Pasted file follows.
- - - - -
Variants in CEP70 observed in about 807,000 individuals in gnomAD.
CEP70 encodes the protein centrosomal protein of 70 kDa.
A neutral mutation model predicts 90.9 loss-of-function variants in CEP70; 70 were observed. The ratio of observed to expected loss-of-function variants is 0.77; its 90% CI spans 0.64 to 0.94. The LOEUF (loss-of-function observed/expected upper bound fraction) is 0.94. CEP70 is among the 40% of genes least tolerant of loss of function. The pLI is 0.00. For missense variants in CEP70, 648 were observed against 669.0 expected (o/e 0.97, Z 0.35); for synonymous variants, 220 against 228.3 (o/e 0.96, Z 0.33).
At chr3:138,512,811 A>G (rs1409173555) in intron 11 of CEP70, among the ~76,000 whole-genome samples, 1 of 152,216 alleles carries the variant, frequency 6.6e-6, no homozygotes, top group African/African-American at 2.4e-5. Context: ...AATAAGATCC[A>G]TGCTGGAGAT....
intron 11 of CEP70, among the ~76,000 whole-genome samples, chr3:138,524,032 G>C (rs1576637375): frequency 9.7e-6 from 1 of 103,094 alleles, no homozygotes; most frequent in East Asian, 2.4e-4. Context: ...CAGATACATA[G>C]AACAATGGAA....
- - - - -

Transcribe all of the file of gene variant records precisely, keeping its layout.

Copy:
Variants in CEP70 observed in about 807,000 individuals in gnomAD.
CEP70 encodes the protein centrosomal protein of 70 kDa.
A neutral mutation model predicts 90.9 loss-of-function variants in CEP70; 70 were observed. The ratio of observed to expected loss-of-function variants is 0.77; its 90% CI spans 0.64 to 0.94. The LOEUF (loss-of-function observed/expected upper bound fraction) is 0.94. CEP70 is among the 40% of genes least tolerant of loss of function. The pLI is 0.00. For missense variants in CEP70, 648 were observed against 669.0 expected (o/e 0.97, Z 0.35); for synonymous variants, 220 against 228.3 (o/e 0.96, Z 0.33).
At chr3:138,512,811 A>G (rs1409173555) in intron 11 of CEP70, among the ~76,000 whole-genome samples, 1 of 152,216 alleles carries the variant, frequency 6.6e-6, no homozygotes, top group African/African-American at 2.4e-5. Context: ...AATAAGATCC[A>G]TGCTGGAGAT....
intron 11 of CEP70, among the ~76,000 whole-genome samples, chr3:138,524,032 G>C (rs1576637375): frequency 9.7e-6 from 1 of 103,094 alleles, no homozygotes; most frequent in East Asian, 2.4e-4. Context: ...CAGATACATA[G>C]AACAATGGAA....